Sleep Regression: Why It Happens And How To Survive It

By Paula McLaren •  Updated: 05/03/20 •  19 min read

When you are trying to establish a healthy and balanced baby routine, one thing that may upset your best-laid plans is sleep regression.

Most babies and young children will develop sleep regression at some point. 

Sleep regression is when a baby or young child that has a well-established sleeping pattern suddenly starts to wake more often at night, becomes more difficult to settle to sleep and will fight sleep and naps.

This can be very distressing, especially with young babies. 

When you finally thought you had hit the goal of getting a good night’s sleep after weeks of disturbed nights and just when you thought it was all going great, they start to sleep for shorter periods again and demand to be fed. ARGH!

Sleep Regression Why It Happens And How To Survive It

When Does Sleep Regression Happen?

Sleep regression can occur at any point in your child’s development once they have started to have a healthy age-appropriate sleep schedule and they will usually just appear out of the blue and without warning. 

Sleep regressions will normally occur when your baby is reaching developmental milestones and there are some ages at which it appears to be more common. 

They include:

4 Months

What is commonly known as the 4 month sleep regression is probably the most difficult to deal with as this is when you will have been working so hard to get a healthy sleep schedule going and your baby is probably finally waking less at night and suddenly you appear to be back to square one! 

Most babies will experience a 4 month sleep regression although this may occur as early as 8 weeks or as late as 5 months.

6 Months

A rare sleep regression, but definitely one that can happen! 

The 6 month sleep regression can be a nightmare for new parents, so make sure you’re prepared!

8-10 Months

The 8 month sleep regression occurs when your baby is going through significant physical and brain development such as crawling, cruising, walking and a leap in language development.

18 Months

An 18 month sleep regression in toddlers is most commonly attributed to your toddler’s newfound independence.

Why?

Most sleep regressions coincide with certain developmental milestones being reached and depending on the age at which it occurs, there are different ways of handling it.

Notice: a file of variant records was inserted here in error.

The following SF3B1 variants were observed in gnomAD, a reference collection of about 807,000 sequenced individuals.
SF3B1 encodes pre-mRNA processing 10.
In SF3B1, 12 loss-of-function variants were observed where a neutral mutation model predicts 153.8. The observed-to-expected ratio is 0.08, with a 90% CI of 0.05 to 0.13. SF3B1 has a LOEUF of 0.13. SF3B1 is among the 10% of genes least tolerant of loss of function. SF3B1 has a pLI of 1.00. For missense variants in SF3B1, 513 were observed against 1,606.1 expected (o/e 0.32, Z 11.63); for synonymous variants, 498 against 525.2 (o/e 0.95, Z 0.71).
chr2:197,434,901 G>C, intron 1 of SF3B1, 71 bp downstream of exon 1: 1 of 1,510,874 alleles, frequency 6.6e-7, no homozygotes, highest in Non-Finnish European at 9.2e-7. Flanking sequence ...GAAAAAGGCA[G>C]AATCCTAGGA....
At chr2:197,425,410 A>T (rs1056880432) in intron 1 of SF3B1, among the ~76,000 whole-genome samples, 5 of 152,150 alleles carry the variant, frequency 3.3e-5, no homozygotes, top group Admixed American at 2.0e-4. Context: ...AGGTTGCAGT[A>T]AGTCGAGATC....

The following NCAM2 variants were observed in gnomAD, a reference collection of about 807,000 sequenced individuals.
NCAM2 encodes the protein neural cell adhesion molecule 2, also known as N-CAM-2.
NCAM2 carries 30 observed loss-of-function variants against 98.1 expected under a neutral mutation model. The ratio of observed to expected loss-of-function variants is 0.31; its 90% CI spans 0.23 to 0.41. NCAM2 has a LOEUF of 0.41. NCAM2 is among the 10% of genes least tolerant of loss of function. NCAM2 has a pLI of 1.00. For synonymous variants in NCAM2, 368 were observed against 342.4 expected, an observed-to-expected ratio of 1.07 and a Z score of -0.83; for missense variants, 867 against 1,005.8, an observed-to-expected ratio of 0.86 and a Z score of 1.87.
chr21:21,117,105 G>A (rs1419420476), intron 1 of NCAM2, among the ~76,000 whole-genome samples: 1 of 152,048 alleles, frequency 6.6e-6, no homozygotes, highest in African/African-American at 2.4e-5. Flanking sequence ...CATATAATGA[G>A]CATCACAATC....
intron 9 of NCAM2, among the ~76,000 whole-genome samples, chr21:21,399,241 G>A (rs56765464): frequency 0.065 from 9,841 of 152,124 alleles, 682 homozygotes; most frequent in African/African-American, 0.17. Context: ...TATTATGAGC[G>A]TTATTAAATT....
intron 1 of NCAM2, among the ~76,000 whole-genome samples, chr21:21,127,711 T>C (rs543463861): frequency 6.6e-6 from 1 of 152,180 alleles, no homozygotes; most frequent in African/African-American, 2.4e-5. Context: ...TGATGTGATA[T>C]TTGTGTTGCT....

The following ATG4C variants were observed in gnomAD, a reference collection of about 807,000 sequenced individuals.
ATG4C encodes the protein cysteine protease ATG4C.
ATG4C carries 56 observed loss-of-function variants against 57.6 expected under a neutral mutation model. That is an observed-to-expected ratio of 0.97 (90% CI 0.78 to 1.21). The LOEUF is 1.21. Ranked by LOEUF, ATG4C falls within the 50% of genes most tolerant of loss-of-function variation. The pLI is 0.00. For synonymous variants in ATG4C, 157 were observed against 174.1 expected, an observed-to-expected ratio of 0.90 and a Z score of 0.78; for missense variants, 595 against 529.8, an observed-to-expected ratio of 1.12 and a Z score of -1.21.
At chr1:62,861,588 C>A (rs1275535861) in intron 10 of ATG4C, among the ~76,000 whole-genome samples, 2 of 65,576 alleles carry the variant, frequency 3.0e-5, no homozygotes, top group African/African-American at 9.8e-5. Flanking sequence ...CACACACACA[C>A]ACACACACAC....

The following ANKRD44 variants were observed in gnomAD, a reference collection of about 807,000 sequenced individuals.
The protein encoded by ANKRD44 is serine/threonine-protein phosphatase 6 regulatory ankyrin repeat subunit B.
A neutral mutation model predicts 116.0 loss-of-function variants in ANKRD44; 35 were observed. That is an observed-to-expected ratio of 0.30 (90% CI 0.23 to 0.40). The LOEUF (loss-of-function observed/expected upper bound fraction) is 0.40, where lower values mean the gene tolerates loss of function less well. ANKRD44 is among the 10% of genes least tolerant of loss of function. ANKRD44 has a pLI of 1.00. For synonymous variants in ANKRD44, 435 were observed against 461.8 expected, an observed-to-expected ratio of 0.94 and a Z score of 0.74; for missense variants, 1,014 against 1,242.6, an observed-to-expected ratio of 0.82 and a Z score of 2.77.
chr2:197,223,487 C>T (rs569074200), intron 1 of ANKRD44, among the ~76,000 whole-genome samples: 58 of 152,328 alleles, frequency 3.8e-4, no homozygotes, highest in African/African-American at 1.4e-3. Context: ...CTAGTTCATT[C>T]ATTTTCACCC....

In many cases, you have to ride it out, but the way in which you do so will determine how long the regression lasts and your prime objective is to get the sleep schedule back on track and to avoid any bad sleep habits forming.

How Long Does Sleep Regression Last?

Sleep regressions can last from 2 to 6 weeks or they may even be as little a night or two.

No matter how long the regression lasts and whilst you must do all that you can to make sure you and your baby are getting enough sleep during this trying time.

It is important to bear in mind that the good sleep habits you worked so hard to establish need to be kept intact as much as possible. 

TOP TIP: Although you may revert to using some of your old methods like rocking your baby to sleep in desperation, the key is to not let these habits form again!

No matter how desperate you may feel during a sleep regression phase, remember that it is just a regression and that if your baby or child has been sleeping well and had healthy sleep patterns, they can do so again.

What Causes Sleep Regression?

Sleep regression is most commonly caused by natural growth spurts in your baby’s development or their need for less daytime sleep. 

The growth spurts do not just refer to physical growth, but mental and emotional growth as well.

New developments such as crawling and teething are common causes of sleep regression in the older child as well as separation anxiety and toddler independence.